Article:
Criminal. Affirms convictions and 295-month sentence for possession with the intent to distribute 500 grams or more of methamphetamine and possessing firearms in furtherance of a drug-trafficking crime. Finds no plain error in admitting testimony about the possession of firearms, but testimony classifying the drug as “Mexican” methamphetamine shouldn’t have been allowed. Finds judge considered family situation when sentencing Ramirez-Fuentes.
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Opinions Dec. 31, 2012

January 2, 2013
Indiana Court of Appeals
Indiana Public Employee Retirement Fund v. Paul Bryson
49A04-1201-MI-2
Miscellaneous. Affirms original opinion that Bryson’s on-duty injury was a “covered impairment” making him eligible for Class 1 impairment disability benefits even though he had a pre-existing condition.
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Opinions Dec. 28, 2012

December 28, 2012
Indiana Court of Appeals
James M. Brinkley and Stephanie L. Brinkley v. Michael Haluska, P.E., d/b/a Retro Tech, et al.
32A01-1204-MI-181
Miscellaneous. Affirms trial court’s summary judgment that Donald Gindelberger is a good faith purchaser for value of a 1965 Chevrolet Corvette because the Brinkleys were in the best position to prevent the allegedly fraudulent sale and did not do so. Also, it concluded the BMV is immune from liability.
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Opinions Dec. 27, 2012

December 27, 2012
7th Circuit Court of Appeals
United States of America v. Fairly W. Earls
11-3347
U.S. District Court, Northern District of Indiana, Hammond Division. Judge Joseph S. Van Bokkelen.
Criminal. Affirms conviction of making a false statement on a passport application, aggravated identity theft and knowingly transferring a stolen identification document. Affirms the admission of certain evidence at Earls’ trial and finds the District Court did not err in its calculation of his offense level.
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  1. It's a big fat black mark against the US that they radicalized a lot of these Afghan jihadis in the 80s to fight the soviets and then when they predictably got around to biting the hand that fed them, the US had to invade their homelands, install a bunch of corrupt drug kingpins and kleptocrats, take these guys and torture the hell out of them. Why for example did the US have to sodomize them? Dubya said "they hate us for our freedoms!" Here, try some of that freedom whether you like it or not!!! Now they got even more reasons to hate us-- lets just keep bombing the crap out of their populations, installing more puppet regimes, arming one faction against another, etc etc etc.... the US is becoming a monster. No wonder they hate us. Here's my modest recommendation. How about we follow "Just War" theory in the future. St Augustine had it right. How about we treat these obvious prisoners of war according to the Geneva convention instead of torturing them in sadistic and perverted ways.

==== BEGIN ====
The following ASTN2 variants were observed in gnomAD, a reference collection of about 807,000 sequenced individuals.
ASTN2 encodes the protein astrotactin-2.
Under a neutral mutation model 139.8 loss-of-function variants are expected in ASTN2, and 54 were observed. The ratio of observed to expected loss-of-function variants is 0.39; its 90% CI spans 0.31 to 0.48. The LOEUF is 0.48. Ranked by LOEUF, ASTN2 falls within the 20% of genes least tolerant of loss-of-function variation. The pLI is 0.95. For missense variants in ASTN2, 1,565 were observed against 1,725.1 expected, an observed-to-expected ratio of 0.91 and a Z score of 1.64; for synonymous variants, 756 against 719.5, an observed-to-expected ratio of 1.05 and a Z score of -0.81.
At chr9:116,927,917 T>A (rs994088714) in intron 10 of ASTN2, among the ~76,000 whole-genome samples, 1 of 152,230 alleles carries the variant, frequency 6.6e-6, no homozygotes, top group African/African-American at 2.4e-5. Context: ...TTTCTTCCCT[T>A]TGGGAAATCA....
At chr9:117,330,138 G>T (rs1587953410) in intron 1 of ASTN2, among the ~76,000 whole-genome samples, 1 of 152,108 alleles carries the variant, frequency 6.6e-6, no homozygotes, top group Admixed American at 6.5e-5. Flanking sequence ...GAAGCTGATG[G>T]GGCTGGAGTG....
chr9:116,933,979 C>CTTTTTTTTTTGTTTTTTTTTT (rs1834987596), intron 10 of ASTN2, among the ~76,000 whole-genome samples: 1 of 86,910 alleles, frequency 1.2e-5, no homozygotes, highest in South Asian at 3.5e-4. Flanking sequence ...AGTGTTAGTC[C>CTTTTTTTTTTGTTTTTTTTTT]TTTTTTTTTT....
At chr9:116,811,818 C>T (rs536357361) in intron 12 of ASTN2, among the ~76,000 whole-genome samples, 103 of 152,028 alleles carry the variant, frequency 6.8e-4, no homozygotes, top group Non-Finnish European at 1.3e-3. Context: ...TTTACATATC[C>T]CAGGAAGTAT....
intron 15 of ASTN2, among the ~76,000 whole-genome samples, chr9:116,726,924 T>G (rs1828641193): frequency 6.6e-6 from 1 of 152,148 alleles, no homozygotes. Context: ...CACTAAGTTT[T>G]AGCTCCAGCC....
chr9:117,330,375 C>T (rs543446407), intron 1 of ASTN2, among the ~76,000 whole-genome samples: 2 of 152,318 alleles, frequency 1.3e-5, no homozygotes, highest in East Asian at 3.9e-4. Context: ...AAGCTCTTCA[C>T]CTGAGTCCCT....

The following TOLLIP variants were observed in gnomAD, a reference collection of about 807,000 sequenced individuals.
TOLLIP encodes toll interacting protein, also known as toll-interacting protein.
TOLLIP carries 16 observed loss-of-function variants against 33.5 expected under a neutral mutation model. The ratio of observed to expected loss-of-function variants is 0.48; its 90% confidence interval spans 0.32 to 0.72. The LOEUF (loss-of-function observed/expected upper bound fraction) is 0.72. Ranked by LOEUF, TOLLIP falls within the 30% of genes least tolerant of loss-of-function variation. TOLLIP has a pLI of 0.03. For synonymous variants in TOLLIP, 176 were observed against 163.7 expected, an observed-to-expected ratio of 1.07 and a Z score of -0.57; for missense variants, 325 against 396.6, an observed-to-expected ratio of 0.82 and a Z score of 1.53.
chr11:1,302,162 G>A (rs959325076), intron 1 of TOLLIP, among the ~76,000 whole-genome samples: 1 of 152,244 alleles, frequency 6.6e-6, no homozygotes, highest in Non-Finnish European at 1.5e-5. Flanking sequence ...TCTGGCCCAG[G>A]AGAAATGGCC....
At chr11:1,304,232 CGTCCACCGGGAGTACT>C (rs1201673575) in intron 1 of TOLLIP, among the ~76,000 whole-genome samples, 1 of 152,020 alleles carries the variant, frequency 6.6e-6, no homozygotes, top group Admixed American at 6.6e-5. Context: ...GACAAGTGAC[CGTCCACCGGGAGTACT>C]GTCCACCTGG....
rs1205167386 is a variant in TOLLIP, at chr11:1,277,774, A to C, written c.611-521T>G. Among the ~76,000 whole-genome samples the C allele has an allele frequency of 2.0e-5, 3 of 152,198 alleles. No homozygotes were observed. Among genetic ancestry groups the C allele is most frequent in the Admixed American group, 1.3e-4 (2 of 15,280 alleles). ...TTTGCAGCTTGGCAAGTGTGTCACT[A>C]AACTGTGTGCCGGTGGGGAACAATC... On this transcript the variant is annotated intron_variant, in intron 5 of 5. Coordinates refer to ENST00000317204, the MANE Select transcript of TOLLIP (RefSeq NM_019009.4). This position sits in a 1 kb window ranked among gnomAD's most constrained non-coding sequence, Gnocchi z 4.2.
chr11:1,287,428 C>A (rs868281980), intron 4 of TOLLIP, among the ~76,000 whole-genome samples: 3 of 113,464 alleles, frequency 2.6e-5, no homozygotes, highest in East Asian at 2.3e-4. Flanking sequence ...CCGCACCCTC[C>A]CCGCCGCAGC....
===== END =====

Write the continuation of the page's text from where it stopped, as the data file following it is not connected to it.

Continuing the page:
2. As usual, John is "spot-on." The subtle but poignant points he makes are numerous and warrant reflection by mediators and users. Oh but were it so simple.

  3. ACLU. Way to step up against the police state. I see a lot of things from the ACLU I don't like but this one is a gold star in its column.... instead of fighting it the authorities should apologize and back off.

  4. Duncan, It's called the RIGHT OF ASSOCIATION and in the old days people believed it did apply to contracts and employment. Then along came title vii.....that aside, I believe that I am free to work or not work for whomever I like regardless: I don't need a law to tell me I'm free. The day I really am compelled to ignore all the facts of social reality in my associations and I blithely go along with it, I'll be a slave of the state. That day is not today......... in the meantime this proposed bill would probably be violative of 18 usc sec 1981 that prohibits discrimination in contracts... a law violated regularly because who could ever really expect to enforce it along the millions of contracts made in the marketplace daily? Some of these so-called civil rights laws are unenforceable and unjust Utopian Social Engineering. Forcing people to love each other will never work.

  5. I am the father of a sweet little one-year-old named girl, who happens to have Down Syndrome. To anyone who reads this who may be considering the decision to terminate, please know that your child will absolutely light up your life as my daughter has the lives of everyone around her. There is no part of me that condones abortion of a child on the basis that he/she has or might have Down Syndrome. From an intellectual standpoint, however, I question the enforceability of this potential law. As it stands now, the bill reads in relevant part as follows: "A person may not intentionally perform or attempt to perform an abortion . . . if the person knows that the pregnant woman is seeking the abortion solely because the fetus has been diagnosed with Down syndrome or a potential diagnosis of Down syndrome." It includes similarly worded provisions abortion on "any other disability" or based on sex selection. It goes so far as to make the medical provider at least potentially liable for wrongful death. First, how does a medical provider "know" that "the pregnant woman is seeking the abortion SOLELY" because of anything? What if the woman says she just doesn't want the baby - not because of the diagnosis - she just doesn't want him/her? Further, how can the doctor be liable for wrongful death, when a Child Wrongful Death claim belongs to the parents? Is there any circumstance in which the mother's comparative fault will not exceed the doctor's alleged comparative fault, thereby barring the claim? If the State wants to discourage women from aborting their children because of a Down Syndrome diagnosis, I'm all for that. Purporting to ban it with an unenforceable law, however, is not the way to effectuate this policy.